FAIRFIELD — Getting around Fairfield without a car can be an easy task in some parts of town. Sidewalks, crosswalks and space for bikes, as well as bike racks, are numerous.

But that’s not the case everywhere. Take, for example, what members of the Bike and Pedestrian Committee call the “invisible” bike route. There is a town-approved bike route that shows cyclists a safe way to get from the Stratfield side of town to downtown. However, there are no signs, no markings on the road.

“This was phase two when we applied for grant money,” said Keith Gallinelli, the committee’s chairman. Unfortunately, there wasn’t enough money for both that bike route, and the shoreline route, that runs along the coastline. There, green and white signs direct the cyclists, while yellow and black signs remind motorists to share the road. Soon, Gallanelli said, there will also be roadway markings.

Creating visible bike routes where feasible, Gallinelli said, not only give cyclists a safe route, but get motorists used to sharing the road. Bike routes have also been shown to bring customers to businesses along those routes.

In its second year, the committee is moving from focusing on public events, like historical bike rides held in conjunction with the Fairfield Museum and History Center, to getting the town to adopt a “complete streets” policy.

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Fairfield’s bike routes

Mill Plain Road route

Mill Plain Road from Brookside Drive to Barlow Road

Library route

Fairfield Woods Road at Stratfield Road to Burroughs Road

Burroughs Road to High Street

High Street to Jennings Road

Jennings Road to Barlow Road

Barlow Road to Unquowa Road

Unquowa Road to Post Road

Shore route

Fairfield Avenue at the Bridgeport line to Riverside Drive

Riverside Drive to the Old Post Road

Can stay on Old Post Road to Oldfield Road, or turn left onto Beach Road

Beach Road to Fairfield Beach Road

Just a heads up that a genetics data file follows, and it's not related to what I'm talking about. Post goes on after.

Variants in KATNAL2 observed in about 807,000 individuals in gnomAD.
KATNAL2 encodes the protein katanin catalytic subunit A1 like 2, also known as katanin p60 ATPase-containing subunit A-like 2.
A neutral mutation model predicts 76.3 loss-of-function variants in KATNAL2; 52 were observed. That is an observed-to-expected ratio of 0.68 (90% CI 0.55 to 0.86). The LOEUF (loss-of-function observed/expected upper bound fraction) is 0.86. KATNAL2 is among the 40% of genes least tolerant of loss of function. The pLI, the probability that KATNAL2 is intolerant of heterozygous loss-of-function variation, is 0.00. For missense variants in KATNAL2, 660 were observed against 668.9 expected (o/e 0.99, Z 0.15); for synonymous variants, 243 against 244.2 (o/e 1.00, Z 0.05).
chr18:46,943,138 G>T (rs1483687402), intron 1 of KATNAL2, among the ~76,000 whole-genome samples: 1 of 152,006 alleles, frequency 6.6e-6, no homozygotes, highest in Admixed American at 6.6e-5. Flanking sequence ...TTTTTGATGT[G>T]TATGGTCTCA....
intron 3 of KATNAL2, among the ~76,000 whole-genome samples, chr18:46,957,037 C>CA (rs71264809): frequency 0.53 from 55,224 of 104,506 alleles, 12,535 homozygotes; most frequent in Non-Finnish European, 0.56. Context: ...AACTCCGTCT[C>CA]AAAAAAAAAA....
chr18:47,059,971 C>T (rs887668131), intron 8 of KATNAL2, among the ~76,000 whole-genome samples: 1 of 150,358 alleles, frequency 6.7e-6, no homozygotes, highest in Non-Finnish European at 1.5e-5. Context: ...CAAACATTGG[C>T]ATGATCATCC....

Fairfield Beach Road to Reef Road

Reef Road to Oldfield Road

Oldfield Road to Sasco Hill

Sasco Hill to Harbor Road

Harbor Road to Pequot Avenue

Pequot Avenue to Beachside Avenue at the Westport line

“We’re transitioning to policy,” Gallinelli said, and working with different town departments to get input. “Our goal is to have a draft by the end of the year. We want to generat a policy with best practices.”

Such a policy requires that future street design take into consideration not just the needs of motorists, but also the needs of cyclists, pedestrians and those using mass transit.

It would come into play, Gallinelli said, when new roads are being created, or existing roads reworked. Many Connecticut towns and cities have such policies already in place, he said, or are working on one.

“There are some areas in town where nothing can be done,” Gallinelli said. “It doesn’t mean bike routes and sidewalks on every street.”

The committee isn’t starting from scratch, however. A predecessor to this committee developed a bike and pedestrian master plan that was approved by the Board of Selectmen. It includes an inventory of the town’s sidewalks — where they are, their condition, and where gaps exist.

For bike routes, committee member Donald Hyman said, they take into consideration the road’s width, its condition and the shoulder width. “It has to be determined to be safe,” he said.

Bike routes are different from bike lanes, Gallinelli said. Bike lanes must be a certain width, and have to be delineated from the car portion of the street. “In the town of Fairfield, we don’t really have many locations where you can do bike lanes without major engineering of the road.”

There have been recent commercial developments in town where the Town Plan and Zoning Commission has made sidewalks and bike racks as conditions of approval.